Uganda Launches National Health Workforce Information System Built on iHRIS
On February 7, the Uganda Ministry of Health (MOH) and USAID/Uganda jointly launched the country’s Human Resources for Health Information System (HRHIS), which provides up-to-date information on the country’s health workforce for evidence-based decision-making. Vice President Edward Kiwanuka Ssekandi presided over a launch ceremony at the Hotel Africana; Minister of Health Honorable Richard Nduhura delivered a speech and held a press conference.
Building on CapacityPlus’s iHRIS software
Uganda’s HRHIS is built on the iHRIS software, a suite of open source tools for managing and planning the health workforce developed and supported by CapacityPlus, as well as other USAID-funded projects led by IntraHealth International. Because the software is open source, the IntraHealth-led Uganda Capacity Program tailored it to meet Uganda’s specific needs.
A customized version of iHRIS Qualify, a registration and licensure tracking database, is used by the country’s four professional health councils. A customized version of iHRIS Manage, a human resources management system, is installed at the central MOH, 69 district health offices, 15 hospitals, the Uganda Virus Research Institute, and Nakasero Blood Bank.
The Uganda Capacity Program provides technical assistance for the customization and installation of the HRHIS and, in collaboration with other partners, including the Centers for Disease Control and Prevention/Baylor College of Medicine, the World Bank, and the World Health Organization, is helping the MOH roll it out to all 112 districts. CapacityPlus assists the Uganda Capacity Program to build stakeholder leadership and country ownership, improve data quality, and increase the use of HRHIS data.
From paper files to data for decision-making
Previously, Uganda’s health leaders relied on a complex system of paper files that made it impossible to compile and analyze information on the country’s available health workforce. Indeed, even finding one health worker’s record was difficult.
Now, the councils maintain electronic records on the country’s 46,280 qualified health workers, and can track the number of health workers by cadre, verify licenses and practice requirements, and provide information to ensure new hires are properly qualified. Council data are also used to influence funding for preservice education and to advocate for the recruitment of more health workers.
Likewise, health workforce managers produce a number of reports, including staff lists that are compared with approved staffing norms to identify vacancies or overstaffing, and with the country’s payroll system to recognize and eliminate “ghost workers”—those who are no longer working but remain on the payroll. These managers can also generate detailed profiles of an individual health worker’s employment history and run reports to project staff losses due to retirement, for example.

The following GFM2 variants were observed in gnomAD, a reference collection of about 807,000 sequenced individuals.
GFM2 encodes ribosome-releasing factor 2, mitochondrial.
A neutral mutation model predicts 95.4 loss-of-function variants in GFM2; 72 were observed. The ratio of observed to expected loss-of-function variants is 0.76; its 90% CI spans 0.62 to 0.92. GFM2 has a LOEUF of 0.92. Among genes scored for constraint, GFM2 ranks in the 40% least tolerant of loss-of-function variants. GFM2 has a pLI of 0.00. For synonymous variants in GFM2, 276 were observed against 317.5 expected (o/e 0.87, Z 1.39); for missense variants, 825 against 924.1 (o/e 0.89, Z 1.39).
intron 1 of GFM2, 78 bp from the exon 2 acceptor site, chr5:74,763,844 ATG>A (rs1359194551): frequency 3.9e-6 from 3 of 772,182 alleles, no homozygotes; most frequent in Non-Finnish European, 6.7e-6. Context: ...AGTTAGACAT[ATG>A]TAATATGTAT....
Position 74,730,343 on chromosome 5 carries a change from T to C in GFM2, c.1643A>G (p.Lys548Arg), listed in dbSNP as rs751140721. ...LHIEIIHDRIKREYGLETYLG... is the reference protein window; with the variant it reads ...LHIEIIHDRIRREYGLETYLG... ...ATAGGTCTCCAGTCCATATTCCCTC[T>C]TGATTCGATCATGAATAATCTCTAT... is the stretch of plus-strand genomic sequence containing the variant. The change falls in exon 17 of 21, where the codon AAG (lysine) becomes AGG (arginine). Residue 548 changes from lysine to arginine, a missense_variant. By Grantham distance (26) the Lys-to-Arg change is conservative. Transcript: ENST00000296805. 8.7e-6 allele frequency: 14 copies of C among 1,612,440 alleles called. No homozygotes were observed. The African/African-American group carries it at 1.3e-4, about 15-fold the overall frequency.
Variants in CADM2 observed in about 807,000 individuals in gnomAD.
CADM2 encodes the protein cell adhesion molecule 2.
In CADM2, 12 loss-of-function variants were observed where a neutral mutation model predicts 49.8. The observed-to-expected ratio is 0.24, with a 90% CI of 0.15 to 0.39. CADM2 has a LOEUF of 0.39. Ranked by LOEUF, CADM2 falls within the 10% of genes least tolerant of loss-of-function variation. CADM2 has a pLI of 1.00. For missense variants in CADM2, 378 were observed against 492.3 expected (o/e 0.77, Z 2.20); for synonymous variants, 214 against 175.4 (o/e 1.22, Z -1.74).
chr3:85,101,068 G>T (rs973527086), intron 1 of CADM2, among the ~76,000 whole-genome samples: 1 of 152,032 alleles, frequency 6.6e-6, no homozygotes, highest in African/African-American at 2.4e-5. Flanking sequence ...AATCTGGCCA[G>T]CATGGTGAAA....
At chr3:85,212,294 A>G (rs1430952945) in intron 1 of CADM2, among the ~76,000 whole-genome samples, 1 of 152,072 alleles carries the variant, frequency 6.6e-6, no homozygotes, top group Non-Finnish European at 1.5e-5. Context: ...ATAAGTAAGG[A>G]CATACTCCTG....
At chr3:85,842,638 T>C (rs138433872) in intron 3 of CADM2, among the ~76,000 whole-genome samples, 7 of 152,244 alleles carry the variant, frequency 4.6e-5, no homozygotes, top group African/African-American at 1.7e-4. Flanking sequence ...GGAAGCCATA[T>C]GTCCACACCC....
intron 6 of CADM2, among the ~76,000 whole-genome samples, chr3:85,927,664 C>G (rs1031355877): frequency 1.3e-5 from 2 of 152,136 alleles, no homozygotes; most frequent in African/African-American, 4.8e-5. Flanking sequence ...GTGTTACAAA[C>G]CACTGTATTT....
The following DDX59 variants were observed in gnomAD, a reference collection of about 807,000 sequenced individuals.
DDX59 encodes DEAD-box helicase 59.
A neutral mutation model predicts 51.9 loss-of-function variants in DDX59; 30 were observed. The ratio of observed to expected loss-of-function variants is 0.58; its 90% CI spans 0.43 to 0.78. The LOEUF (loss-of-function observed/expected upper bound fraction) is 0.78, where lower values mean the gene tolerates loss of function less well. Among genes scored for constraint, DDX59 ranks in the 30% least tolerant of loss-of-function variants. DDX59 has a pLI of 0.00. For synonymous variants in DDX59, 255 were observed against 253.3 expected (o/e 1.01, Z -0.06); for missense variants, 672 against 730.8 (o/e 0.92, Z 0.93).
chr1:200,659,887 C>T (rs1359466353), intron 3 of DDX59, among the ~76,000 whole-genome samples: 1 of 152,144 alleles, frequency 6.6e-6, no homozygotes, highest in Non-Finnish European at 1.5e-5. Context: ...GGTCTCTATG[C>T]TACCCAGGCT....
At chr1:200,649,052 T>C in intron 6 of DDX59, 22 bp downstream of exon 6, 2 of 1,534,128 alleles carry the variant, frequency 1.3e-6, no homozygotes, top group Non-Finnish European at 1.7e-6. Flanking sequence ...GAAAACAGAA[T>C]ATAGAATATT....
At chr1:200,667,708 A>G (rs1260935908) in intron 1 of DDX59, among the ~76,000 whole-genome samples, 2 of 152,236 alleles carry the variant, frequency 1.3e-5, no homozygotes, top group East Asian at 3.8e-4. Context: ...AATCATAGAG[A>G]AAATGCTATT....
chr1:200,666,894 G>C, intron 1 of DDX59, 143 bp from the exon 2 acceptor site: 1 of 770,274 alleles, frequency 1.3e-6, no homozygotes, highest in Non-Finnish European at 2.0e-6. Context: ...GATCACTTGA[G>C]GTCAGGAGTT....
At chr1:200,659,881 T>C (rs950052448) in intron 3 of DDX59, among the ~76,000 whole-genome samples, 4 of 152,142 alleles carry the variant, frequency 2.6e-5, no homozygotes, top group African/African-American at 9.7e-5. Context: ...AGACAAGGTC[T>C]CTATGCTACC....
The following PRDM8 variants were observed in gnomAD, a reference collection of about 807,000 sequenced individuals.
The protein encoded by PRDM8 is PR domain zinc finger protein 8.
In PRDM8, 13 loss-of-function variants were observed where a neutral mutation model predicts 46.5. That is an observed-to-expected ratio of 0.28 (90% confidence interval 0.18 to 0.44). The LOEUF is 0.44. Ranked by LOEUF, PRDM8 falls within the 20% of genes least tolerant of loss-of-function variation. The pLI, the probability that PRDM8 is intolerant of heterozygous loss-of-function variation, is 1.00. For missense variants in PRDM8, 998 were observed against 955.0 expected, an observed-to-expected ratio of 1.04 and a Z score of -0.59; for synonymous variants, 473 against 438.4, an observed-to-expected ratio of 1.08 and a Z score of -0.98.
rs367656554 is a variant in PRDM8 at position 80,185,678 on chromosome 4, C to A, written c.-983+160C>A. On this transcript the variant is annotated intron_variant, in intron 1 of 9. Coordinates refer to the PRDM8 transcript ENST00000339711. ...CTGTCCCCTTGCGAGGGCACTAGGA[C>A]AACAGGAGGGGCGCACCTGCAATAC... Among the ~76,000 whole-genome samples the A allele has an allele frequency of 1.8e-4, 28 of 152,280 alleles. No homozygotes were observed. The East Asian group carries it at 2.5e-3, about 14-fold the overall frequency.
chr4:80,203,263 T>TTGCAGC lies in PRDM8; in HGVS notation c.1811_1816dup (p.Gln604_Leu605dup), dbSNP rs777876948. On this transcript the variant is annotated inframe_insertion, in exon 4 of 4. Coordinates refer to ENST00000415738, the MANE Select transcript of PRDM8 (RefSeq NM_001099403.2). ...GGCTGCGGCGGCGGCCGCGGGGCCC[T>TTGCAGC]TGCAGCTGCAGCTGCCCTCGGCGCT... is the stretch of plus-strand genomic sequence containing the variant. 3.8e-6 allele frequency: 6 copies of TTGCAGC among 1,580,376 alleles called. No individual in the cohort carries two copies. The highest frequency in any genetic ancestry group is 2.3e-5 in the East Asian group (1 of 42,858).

The MOH aggregates information from the individual databases and uses it to inform the country’s health workforce strategic plan and for annual and biannual health workforce reports. The MOH also shares health workforce data with other national health information systems, such as those residing at the Ministry of Public Service and Ministry of Education and Sports.
Celebrating better access to health services
In a press release about the event, the MOH and USAID/Uganda stated they are confident the HRHIS will enable equitable distribution of health workers and effective planning, so that all Ugandans can enjoy better access to quality health care services.
Over 200 participants attended the launch ceremony, including representatives from Uganda’s ministries, the World Health Organization, World Bank, and USAID/Uganda. Dr. Vincent Oketcho, IntraHealth’s chief of party for the Uganda Capacity Program, led the program, providing a brief history of the HRHIS in Uganda and the objectives of the launch. Other members and partners of the Uganda Capacity Program team made essential contributions including setting up more than a dozen live demos and presenting the wealth of data available from the system.
CapacityPlus’s Dykki Settle, architect of the iHRIS software, said, “Uganda was the original pioneer of these systems, working with IntraHealth to design, develop, and deploy country-appropriate health workforce information systems, but always with a mind to developing something any country could use. Today, more than a dozen countries have adopted the software, following and benefitting from Uganda’s innovation and leadership.”
Photo by Carol Bales. (MOH files in 2009)